A major part of this book addresses issues of medical ethics—hardly surprising given the professional expertise of its author. It is here that stories about Adam and the family’s interactions with health professionals are perhaps most evident. It is here that I found humbling the theological assurance implicit in the ethical stance adopted, particularly in relation to genetic and prenatal testing. I confess that my personal faith was under profound pressure for over a decade, and Arthur’s birth was a powerful reinforcement of already challenging questions. What made this read a humbling experience was the realisation that I had shared many of the attitudes to which Brock directs his critique: Arthur’s situation, even that of the family, did seem tragic; to understand what it meant for the future was a desperate need which the experts could not satisfy; a miracle was craved yet not believed plausible—Brock quotes me on that very point (172). In retrospect I can see how utterly lacking was any trust in God, and I’m glad that circumstances meant I never had to make the kind of choices being discussed in these sections of the book. I fully agree that presenting prospective parents with such choices both reinforces negative attitudes and displaces onto their individual shoulders responsibility for the irrational boundaries between viable and unviable human life determined by the law for society. Indeed, discussions of both abortion and euthanasia contrive to situate ethical burdens on individuals rather than encouraging society to embrace the demands of human solidarity. I’m humbled by a faith which can offer such confident challenge to the common sense of our culture, but I wonder how effective for change it can be when religion and theology themselves are so profoundly marginalised.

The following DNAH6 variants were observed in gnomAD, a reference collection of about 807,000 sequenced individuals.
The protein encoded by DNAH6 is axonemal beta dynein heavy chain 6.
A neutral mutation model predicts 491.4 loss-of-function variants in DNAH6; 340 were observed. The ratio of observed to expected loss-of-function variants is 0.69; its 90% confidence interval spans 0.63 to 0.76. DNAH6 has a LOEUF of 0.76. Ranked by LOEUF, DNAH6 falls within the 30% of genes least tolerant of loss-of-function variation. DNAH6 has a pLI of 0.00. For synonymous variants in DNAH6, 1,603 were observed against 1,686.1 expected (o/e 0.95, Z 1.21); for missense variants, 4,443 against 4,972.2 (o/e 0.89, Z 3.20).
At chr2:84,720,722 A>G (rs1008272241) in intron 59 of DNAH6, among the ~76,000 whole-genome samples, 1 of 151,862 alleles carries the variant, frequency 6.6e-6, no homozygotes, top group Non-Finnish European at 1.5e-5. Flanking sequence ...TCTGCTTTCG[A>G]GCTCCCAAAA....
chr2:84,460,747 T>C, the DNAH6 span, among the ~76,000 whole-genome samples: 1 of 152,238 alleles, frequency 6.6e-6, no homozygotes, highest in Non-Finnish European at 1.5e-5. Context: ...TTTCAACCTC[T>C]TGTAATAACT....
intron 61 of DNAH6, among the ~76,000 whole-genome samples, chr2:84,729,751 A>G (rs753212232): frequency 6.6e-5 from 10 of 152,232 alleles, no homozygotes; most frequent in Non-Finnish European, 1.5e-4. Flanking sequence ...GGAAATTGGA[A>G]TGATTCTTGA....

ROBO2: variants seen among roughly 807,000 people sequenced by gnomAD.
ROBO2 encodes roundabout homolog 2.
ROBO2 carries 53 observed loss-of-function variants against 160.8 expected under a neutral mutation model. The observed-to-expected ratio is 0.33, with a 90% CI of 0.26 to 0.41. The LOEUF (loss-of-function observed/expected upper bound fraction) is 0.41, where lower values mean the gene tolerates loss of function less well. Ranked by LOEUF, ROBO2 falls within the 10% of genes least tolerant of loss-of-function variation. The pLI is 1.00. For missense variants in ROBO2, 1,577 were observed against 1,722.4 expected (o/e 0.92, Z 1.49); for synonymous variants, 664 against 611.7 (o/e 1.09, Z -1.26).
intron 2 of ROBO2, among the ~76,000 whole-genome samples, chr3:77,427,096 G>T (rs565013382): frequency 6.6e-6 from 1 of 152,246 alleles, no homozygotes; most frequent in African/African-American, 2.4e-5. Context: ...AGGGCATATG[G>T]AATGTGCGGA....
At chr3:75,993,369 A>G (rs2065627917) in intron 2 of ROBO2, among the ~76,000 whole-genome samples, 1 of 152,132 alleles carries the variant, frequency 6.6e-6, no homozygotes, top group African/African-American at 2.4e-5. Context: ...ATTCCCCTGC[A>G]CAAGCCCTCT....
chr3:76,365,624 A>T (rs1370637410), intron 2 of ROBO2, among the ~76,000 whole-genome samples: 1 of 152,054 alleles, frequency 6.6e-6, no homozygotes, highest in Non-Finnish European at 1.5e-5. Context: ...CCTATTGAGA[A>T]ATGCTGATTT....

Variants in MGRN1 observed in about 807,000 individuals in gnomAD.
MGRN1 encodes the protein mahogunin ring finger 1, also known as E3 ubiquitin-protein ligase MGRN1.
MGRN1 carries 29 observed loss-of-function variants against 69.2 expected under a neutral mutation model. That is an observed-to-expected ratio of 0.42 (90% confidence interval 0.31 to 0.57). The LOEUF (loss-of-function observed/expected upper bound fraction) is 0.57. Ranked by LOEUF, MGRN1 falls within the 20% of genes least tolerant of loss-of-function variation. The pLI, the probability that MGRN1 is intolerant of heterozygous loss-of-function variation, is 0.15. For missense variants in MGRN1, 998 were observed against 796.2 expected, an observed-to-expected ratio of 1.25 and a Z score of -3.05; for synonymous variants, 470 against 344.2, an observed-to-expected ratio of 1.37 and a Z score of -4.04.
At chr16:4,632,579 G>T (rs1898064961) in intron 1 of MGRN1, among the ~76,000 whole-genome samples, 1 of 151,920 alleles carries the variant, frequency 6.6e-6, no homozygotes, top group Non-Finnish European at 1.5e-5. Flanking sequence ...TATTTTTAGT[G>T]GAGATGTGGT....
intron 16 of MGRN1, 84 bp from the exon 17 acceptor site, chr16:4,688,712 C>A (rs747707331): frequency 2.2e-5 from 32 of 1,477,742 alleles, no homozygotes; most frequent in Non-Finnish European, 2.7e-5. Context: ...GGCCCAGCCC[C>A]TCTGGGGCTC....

Which brings me to the issue which made me feel most defensive. Let me quote:

The disabling condition of Frances Young’s son Arthur originated in an accident due to a fallen world. To see his life this way makes clear sense, given that Arthur’s brain was injured in a birth accident. . . . The cost . . . is to have located Arthur’s life entirely within the domain of theodical thinking. Arthur is trapped in the question of why there is evil in the world at all if God is good. (193-194)